Book Snap #56

Title: The Woo Woo: How I Survived Ice Hockey, Drug Raids, Demons and My Crazy Chinese Family

Author: Lindsay Wong

Date Read: July 16, 2019

Two snaps

Almost unbelievable. Like, when Oprah couldn’t seem to wrap her mind around James Frey’s memoir… but here it was, wildly incredible– but just grounded in enough legitimacy that you have to let go and trust Lindsay Wong as she recounts her wildly eccentric life with keen prose that is at once castigating of her parents and her upbringing and also graciously sympathetic to the mental illness that ran unchecked amongst them all.

In the prologue Wong sets us up for the ride. Finding herself in a neurologist’s office in Manhattan, she discovers that she has migraine-related vistibulopathy– an intense neurological disorder that plagues her with acute vertigo. This diagnosis is a relief to her, because it is not the Woo-Woo. The Woo-Woo are the ghosts that her Chinese family believed responsible for cancer, viruses, and psychological disturbances– and she and her family actively evade the Woo-Woo as best they can by camping out in Walmart parking lots, not sitting too long on the toilet, or living at the mall eating processed food and endless amounts of candy.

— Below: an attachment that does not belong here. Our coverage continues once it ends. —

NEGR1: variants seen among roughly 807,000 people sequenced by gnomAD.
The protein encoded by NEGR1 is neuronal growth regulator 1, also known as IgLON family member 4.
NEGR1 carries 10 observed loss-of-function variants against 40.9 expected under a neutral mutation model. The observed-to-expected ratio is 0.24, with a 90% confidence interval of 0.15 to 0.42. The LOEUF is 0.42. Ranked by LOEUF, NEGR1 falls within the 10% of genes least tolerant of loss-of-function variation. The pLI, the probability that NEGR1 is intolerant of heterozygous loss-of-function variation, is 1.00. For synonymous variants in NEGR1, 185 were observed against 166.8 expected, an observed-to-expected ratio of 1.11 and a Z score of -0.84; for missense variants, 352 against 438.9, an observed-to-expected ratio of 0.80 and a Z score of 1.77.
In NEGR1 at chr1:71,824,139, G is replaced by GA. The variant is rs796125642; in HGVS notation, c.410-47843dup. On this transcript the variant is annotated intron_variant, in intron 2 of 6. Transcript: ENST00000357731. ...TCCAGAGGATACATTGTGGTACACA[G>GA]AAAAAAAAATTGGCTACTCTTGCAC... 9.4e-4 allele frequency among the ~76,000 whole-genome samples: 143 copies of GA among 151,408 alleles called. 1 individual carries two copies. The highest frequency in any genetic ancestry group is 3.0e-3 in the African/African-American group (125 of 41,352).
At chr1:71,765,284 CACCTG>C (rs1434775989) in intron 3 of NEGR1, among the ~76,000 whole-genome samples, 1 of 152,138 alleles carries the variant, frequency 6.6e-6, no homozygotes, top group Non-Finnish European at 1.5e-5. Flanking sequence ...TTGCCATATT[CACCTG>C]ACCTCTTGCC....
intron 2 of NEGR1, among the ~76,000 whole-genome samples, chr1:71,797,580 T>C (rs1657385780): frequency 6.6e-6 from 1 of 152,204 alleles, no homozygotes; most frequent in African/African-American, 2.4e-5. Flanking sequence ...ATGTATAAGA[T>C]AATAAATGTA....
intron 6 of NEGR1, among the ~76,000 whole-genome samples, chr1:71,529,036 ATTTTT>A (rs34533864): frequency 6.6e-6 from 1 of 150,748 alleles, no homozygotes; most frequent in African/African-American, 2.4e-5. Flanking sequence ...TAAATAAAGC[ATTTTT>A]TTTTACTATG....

As a parent, my heart ached for Lindsay and her siblings and the disregard for their emotional and physical well-being as centuries-old beliefs kept her grandparents, parents, aunts and uncles from facing and treating the mental illnesses that made them unprepared and unable to cope with the needs of their generations of children. These disorienting relationships left Lindsay feeling crushingly alone, and often pushed her to react and retaliate with physical anger. A lot of her physical aggression was meted out as a goon in the hockey rink– and widely championed by her parents as they collected her medals and encouraged her high-sticking and brutal checking.

Wong offers an unflinching look at mental illness. Hers was a life filled with anxiety and uncertainty, where her needs were often neglected as she competed with the symptoms of her family’s crippling mental illnesses. Wong miraculously succeeds despite it all and shows a personal resiliency and fortitude beyond what could ever be expected.

It is a stunning memoir. Like a car crash in slow motion– you cannot look away. It is heart-breaking, candid, and somehow all at once funny, bitter and melancholy. It is a must-read. Wong’s bravery in telling this story makes her the real poster child for the Let’s Talk About Mental Illness campaign.

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